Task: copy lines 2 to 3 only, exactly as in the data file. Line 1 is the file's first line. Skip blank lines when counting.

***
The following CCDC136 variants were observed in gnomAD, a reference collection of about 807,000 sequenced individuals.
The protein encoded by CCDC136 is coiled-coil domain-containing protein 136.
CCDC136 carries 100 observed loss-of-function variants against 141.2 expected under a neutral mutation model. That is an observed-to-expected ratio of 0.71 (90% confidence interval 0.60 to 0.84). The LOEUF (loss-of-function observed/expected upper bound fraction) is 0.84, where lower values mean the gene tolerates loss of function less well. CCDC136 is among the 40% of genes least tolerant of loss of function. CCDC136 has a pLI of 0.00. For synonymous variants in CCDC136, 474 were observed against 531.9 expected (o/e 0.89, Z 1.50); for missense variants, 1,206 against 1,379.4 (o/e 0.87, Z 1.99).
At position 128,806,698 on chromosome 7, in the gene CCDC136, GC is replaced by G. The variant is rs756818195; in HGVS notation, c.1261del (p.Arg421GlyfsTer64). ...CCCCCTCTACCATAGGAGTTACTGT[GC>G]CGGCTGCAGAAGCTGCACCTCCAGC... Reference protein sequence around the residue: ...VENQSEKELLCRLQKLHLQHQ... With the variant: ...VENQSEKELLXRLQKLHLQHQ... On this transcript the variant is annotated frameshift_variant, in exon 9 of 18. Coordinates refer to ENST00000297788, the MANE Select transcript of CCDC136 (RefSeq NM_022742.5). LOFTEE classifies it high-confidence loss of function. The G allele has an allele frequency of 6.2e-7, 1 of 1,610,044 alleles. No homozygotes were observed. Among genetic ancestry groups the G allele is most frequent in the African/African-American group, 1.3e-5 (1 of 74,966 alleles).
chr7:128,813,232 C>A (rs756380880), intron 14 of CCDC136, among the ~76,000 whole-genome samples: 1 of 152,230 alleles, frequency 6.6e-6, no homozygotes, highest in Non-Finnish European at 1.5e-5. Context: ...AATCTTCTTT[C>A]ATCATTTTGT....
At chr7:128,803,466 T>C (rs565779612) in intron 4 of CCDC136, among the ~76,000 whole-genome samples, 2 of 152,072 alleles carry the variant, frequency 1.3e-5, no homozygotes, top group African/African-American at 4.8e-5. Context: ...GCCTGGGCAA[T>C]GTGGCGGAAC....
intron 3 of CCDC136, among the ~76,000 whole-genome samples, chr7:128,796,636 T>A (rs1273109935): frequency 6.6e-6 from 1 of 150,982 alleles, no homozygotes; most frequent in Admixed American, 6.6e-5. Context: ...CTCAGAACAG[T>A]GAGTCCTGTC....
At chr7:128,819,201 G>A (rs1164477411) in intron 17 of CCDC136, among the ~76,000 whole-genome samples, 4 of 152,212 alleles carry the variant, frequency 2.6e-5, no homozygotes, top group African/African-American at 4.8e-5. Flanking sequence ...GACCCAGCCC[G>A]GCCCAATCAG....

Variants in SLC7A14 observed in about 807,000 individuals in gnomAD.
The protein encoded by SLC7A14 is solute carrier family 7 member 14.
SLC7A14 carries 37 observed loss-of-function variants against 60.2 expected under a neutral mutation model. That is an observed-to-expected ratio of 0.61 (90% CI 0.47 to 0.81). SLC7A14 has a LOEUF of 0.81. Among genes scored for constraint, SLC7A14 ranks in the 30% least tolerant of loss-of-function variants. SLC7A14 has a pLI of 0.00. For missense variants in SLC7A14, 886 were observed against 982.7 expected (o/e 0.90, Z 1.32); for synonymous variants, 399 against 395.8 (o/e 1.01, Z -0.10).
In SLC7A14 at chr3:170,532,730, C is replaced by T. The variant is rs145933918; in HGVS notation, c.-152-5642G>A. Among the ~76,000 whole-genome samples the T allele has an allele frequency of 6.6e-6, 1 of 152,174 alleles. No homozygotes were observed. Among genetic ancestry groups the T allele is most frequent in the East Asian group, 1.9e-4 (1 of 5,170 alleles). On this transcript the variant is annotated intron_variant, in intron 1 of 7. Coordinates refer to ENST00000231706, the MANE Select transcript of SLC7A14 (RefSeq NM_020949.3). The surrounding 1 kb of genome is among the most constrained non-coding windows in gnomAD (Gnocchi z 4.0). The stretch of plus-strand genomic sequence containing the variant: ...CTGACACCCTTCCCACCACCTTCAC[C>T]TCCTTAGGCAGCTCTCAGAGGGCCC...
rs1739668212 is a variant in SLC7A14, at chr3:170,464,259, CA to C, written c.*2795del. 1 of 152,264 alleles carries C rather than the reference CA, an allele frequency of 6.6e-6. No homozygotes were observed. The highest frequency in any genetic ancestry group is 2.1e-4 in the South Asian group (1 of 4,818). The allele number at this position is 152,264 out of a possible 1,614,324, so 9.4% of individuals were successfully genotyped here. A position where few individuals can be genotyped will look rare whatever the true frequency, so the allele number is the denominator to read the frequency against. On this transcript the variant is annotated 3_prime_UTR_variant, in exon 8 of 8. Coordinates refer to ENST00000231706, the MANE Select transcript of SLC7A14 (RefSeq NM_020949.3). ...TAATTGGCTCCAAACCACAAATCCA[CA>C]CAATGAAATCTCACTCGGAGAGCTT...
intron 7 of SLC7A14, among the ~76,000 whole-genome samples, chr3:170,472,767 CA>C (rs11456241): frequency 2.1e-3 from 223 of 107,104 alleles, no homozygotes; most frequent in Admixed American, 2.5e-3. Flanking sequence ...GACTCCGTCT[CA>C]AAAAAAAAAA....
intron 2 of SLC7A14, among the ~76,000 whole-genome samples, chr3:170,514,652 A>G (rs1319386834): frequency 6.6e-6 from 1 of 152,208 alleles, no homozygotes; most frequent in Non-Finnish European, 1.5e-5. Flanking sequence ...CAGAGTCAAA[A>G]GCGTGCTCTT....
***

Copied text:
The protein encoded by CCDC136 is coiled-coil domain-containing protein 136.
CCDC136 carries 100 observed loss-of-function variants against 141.2 expected under a neutral mutation model. That is an observed-to-expected ratio of 0.71 (90% confidence interval 0.60 to 0.84). The LOEUF (loss-of-function observed/expected upper bound fraction) is 0.84, where lower values mean the gene tolerates loss of function less well. CCDC136 is among the 40% of genes least tolerant of loss of function. CCDC136 has a pLI of 0.00. For synonymous variants in CCDC136, 474 were observed against 531.9 expected (o/e 0.89, Z 1.50); for missense variants, 1,206 against 1,379.4 (o/e 0.87, Z 1.99).